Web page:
Preparing Students for Citizenship

Critical thinking is necessary for a free society where anyone is allowed to think up their own ideas and share them with the masses. Ideally, the best ideas will be the ones that catch on and we progress higher and higher in society. The way things usually go is different from the ideal. Different ideas come up that are opposed to one another. They all have their strengths, and they all make sense from a certain point of view. If any of these are going to be put into practice where they can actually potentially benefit people, they will have to be scrutinized to find out what the true strengths and weaknesses are for each of them. It’s also rare that an idea will be put into practice exactly as it was originally conceived, so it’s also important to look at what parts of an idea are the best so they can be preserved, even if the idea as a whole is flawed and not sustainable in its entirety.

Social studies is probably the common education discipline with the most room to teach critical thinking skills in the real world, up there with English. Math and science are more memorization and application of concepts confined to the discipline, but history and literature both deal more with people and the human experience. In an English class you might learn something like how to analyze someone’s character or spot an unreliable narrator, which are useful skills to transfer into real life. History can teach us patterns of individual and group behavior, looking at what varies between cultures and what remains more or less consistent. What we learn about our ancestors can inform what we learn about our contemporaries.

High school students are at an important time in their lives. They’re close to being recognized as full adults with the ability to participate in how our institutions are governed. To prepare them for this responsibility, educators need to teach them how these institutions work and how the students should prepare themselves for involvement in our government processes. This should be taught to the classic standard of teaching them how to think, not what to think. When a student enters a high school classroom, they probably already have their own opinions on some things, largely inspired by their family and upbringing, and previous classes they’ve had. It’s important to be aware that at this point the students are probably not blank slates, and probably already care and feel strongly about some issues. There are likely other things that haven’t crossed their minds yet which they will be introduced to sooner or later and have to think about as well. It will certainly benefit them to know how to evaluate an issue instead of latching onto the first position they hear and being too uncomfortable with an intellectual challenge to look beyond it.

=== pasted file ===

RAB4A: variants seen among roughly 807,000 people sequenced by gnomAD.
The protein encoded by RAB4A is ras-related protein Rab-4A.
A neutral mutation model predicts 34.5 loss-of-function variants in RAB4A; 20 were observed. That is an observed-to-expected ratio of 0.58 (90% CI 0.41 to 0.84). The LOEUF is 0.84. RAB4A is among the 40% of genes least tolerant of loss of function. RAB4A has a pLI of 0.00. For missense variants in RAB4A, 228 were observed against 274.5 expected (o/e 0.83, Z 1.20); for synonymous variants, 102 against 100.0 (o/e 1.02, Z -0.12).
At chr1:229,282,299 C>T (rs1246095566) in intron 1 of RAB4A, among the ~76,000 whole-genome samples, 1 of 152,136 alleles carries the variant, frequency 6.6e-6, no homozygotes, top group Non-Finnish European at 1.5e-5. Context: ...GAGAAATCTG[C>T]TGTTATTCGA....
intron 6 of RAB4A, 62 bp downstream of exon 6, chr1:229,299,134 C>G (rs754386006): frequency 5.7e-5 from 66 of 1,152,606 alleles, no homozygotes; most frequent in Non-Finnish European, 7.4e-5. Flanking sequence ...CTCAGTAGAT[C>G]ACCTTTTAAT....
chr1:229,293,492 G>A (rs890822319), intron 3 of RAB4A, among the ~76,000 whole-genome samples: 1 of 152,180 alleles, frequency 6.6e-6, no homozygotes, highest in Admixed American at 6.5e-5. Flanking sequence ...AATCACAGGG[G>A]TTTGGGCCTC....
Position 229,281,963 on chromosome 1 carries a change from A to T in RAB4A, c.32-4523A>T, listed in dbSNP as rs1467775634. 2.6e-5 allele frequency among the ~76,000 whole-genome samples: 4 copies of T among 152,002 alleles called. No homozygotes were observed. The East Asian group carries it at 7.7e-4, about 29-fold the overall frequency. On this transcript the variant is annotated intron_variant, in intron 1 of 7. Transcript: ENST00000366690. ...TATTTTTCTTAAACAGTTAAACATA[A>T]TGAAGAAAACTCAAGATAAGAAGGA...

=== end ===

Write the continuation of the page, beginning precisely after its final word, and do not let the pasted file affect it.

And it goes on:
Students can get good practice in at evaluating information in history and social studies classes. A lot of the issues hotly contested in the past have cooled with time and changes in context disconnecting them from certain issues. Current events can be used for instructive purposes, but some of them are better left to conversations with friends and family outside of the classroom, like an application of skills gained talking about the context surrounding World War I used to talk about the context of the Russo-Ukrainian War. When students are better able to look at a situation or idea objectively and disconnect themselves from it to the best of their ability, it will make it easier for them to make informed decisions on what they believe to be the best course of action for our country.